According to Acts 10:2, Cornelius feared God, but he was not converted yet. Cornelius wasn't converted until he heard the gospel from Peter. How was Cornelius's fear of God in Acts 10:2 different from a converted person's fear of God?
For someone who is not converted, their fear of God (if any) is just dread of punishment. There's no fearing God in the sense a child fears sinning against his loving father, but a criminal who's angered the judge.
1 John 4:18-19
"There is no fear in love, but perfect love casts out fear. For fear has to do with punishment, and whoever fears has not been perfected in love. We love because he first loved us."
For you did not receive the spirit of slavery to fall back into fear, but you have received the Spirit of adoption as sons, by whom we cry, “Abba! Father!”
I think the issue of conversion is secondary in Acts 10 and 11. Cornelius has the privilege of living in that intersection in time where Christ had accomplished redemption, and the outpouring of the Spirit was to testify that Jesus was the Christ by confirming the words of the apostles through power. The Spirit by the same act makes it indisputable that salvation is for the Gentiles as well as Jews so that there would be no prejudice against believing Gentiles.
Cornelius was already a Gentile believer with true faith in God (In my humble opinion) but had not become a full Jew i.e. circumcision, food laws, etc. Such people were called God-fearers of the Gentiles.
For example, when he went to worship at the Temple he would have been restricted to the Court of the Gentiles, because that "mid wall of partition" between Jewish and Gentile believers was only taken down in Christ (Ephesians 2).
Under the OT administration Gentile believers were somewhat "second class citizens".
When the Spirit of God, given at Pentecost, came upon Cornelius and his household, it was God's testimony that the NT Gospel and promise of the Spirit from the ascended Christ was for "unclean" Gentiles as well as "kosher" Jews. Although Christ had commanded them to go into all the world, Peter and the others had a lot of unbelief in this regard.
In the NT that wall is taken down and Gentile and Jewish believers have ceremonial and spiritual equality in Christ as part of the commonwealth of Israel and Israel of God (Gal 6:16), the trans-national and trans-historical people of God, the NT Church.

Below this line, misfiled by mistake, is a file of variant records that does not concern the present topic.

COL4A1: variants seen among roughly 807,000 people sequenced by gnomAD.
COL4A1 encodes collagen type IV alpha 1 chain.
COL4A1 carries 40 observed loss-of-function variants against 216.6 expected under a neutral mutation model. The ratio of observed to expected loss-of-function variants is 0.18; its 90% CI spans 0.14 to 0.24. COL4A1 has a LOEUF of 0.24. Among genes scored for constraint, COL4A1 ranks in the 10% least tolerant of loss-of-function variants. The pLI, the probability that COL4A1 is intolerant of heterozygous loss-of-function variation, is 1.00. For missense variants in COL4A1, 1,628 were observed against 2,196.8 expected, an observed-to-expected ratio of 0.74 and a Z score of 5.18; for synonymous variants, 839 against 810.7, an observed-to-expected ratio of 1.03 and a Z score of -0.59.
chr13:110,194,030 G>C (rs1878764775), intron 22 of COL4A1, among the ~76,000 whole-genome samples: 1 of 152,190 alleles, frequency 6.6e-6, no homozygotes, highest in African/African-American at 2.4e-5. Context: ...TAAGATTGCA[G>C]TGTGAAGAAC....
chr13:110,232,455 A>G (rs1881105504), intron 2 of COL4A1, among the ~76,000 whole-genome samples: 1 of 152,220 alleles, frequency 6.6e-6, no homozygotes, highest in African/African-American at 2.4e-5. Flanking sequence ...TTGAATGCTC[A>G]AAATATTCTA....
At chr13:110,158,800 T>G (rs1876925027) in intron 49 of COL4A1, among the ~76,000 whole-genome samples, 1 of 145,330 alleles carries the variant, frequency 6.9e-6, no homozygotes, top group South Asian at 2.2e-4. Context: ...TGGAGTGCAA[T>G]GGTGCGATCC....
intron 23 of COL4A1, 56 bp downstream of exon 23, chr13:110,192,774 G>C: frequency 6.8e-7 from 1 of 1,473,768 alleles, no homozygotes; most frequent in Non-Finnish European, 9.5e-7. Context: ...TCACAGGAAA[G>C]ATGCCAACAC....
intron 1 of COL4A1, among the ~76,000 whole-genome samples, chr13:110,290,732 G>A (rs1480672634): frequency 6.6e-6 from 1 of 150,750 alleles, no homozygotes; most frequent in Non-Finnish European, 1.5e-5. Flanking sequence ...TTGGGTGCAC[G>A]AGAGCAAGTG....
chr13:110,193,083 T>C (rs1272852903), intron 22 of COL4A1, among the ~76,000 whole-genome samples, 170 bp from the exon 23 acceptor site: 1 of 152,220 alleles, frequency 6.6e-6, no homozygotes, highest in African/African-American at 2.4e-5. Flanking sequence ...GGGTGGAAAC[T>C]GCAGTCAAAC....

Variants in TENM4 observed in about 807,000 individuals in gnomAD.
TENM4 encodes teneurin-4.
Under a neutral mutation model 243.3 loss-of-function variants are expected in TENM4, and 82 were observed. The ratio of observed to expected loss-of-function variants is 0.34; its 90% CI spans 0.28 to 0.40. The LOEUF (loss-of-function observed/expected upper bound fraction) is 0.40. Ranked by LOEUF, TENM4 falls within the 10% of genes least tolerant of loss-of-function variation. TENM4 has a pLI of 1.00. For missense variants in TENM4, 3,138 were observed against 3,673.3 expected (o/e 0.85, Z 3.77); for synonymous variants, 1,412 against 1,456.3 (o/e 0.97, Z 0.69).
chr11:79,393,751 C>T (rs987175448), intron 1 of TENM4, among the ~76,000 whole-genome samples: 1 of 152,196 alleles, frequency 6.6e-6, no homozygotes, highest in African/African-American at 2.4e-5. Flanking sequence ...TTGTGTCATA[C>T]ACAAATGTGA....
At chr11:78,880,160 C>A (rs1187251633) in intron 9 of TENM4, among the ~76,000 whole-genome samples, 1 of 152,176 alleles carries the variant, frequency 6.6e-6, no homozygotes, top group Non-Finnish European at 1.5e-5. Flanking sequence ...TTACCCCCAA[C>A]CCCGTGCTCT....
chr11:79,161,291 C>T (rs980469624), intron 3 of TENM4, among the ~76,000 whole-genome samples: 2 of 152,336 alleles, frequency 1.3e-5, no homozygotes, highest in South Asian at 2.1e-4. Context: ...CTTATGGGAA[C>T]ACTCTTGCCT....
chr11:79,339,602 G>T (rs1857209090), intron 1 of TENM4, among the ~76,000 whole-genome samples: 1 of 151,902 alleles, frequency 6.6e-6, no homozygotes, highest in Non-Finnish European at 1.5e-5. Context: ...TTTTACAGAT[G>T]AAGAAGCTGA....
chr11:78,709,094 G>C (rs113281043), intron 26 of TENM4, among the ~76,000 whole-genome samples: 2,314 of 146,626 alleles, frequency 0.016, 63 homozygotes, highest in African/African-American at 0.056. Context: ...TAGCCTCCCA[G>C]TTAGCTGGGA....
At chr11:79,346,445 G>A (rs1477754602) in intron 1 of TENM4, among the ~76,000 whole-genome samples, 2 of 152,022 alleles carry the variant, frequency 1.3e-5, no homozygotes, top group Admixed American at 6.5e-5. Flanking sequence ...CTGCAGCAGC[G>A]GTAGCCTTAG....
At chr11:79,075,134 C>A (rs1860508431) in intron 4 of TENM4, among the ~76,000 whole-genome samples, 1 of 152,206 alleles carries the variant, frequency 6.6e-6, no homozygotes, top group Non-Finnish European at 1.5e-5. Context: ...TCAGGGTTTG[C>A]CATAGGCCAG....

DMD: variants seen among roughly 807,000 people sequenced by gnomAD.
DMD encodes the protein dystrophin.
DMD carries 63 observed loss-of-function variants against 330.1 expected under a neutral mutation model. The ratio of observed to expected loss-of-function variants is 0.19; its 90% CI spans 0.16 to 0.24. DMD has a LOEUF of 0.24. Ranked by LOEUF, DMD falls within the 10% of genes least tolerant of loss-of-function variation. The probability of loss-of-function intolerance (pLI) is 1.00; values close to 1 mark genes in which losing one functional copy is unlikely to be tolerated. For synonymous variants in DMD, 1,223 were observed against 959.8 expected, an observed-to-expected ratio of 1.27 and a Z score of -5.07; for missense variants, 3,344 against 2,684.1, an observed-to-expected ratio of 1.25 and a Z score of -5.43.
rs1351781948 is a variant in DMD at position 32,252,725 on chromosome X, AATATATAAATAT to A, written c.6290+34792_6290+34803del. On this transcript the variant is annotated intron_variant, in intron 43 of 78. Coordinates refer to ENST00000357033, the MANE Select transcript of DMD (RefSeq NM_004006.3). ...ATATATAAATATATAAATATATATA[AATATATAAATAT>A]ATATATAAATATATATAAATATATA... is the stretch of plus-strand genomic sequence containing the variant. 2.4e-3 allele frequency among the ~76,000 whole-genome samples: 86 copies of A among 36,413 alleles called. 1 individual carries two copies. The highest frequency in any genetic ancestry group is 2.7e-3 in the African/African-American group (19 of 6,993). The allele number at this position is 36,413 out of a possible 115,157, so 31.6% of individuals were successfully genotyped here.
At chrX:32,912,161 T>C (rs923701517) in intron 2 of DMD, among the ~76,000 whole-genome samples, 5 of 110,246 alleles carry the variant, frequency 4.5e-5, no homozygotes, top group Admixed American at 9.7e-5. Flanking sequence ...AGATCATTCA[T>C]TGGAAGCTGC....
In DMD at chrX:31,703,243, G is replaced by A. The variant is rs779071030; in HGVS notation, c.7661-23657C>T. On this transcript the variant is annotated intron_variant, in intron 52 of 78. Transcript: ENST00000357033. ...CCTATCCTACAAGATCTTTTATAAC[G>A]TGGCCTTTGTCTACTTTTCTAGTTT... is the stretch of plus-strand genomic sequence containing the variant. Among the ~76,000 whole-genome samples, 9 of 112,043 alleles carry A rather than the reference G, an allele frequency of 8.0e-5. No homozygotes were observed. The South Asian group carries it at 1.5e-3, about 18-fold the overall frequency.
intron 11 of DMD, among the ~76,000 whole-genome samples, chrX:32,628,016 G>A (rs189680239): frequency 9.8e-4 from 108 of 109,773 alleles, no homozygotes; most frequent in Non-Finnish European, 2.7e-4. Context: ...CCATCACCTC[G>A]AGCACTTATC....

I might add another point. The angel said Cornelius alms have risen as a memorial to God.
Somehow God had already been working in Cornelius life in a god glorifying manner
Grace was already underway
Acts 10: 3 About the ninth hour of the day[a] he saw clearly in a vision an angel of God come in and say to him, “Cornelius.” 4 And he stared at him in terror and said, “What is it, Lord?” And he said to him, “Your prayers and your alms have ascended as a memorial before God.
Cornelius was converted. Can someone be regenerate without being converted? i.e. having some sense of his sinnership, faith in Christ and repentance towards God. Are good works acceptable to God, except in Christ?
Now, until Peter brought the Gospel message to him in its NT form, Cornelius would have had faith in Christ by means of types, ceremonies and prophecies.
We have many other examples in the NT of "OT faith" being transfigured into "NT faith", the substance of both being the same e.g. Simeon, Anna, Nathanael, the centurion with the sick servant, etc.
FF Bruce says that 'God fearers' is not a 'technical term' but a convenient one. These 'God fearers' were not ready to become card carrying Jews, but were dissatisfied by the polytheism of the day, and attracted to the monotheistic religion of the Jews and their way of life. They usually attended the local synagogue and were exposed to parts of the Word of God. The term 'God fearers' did not include the idea of conversion, for the Jews were not concerned with conversion, but circumcision. In other words,, all that the term 'God fearer' tells us is that Cornelius was NOT circumcised. Whether or not he was converted would have to be decided by other parts of the text.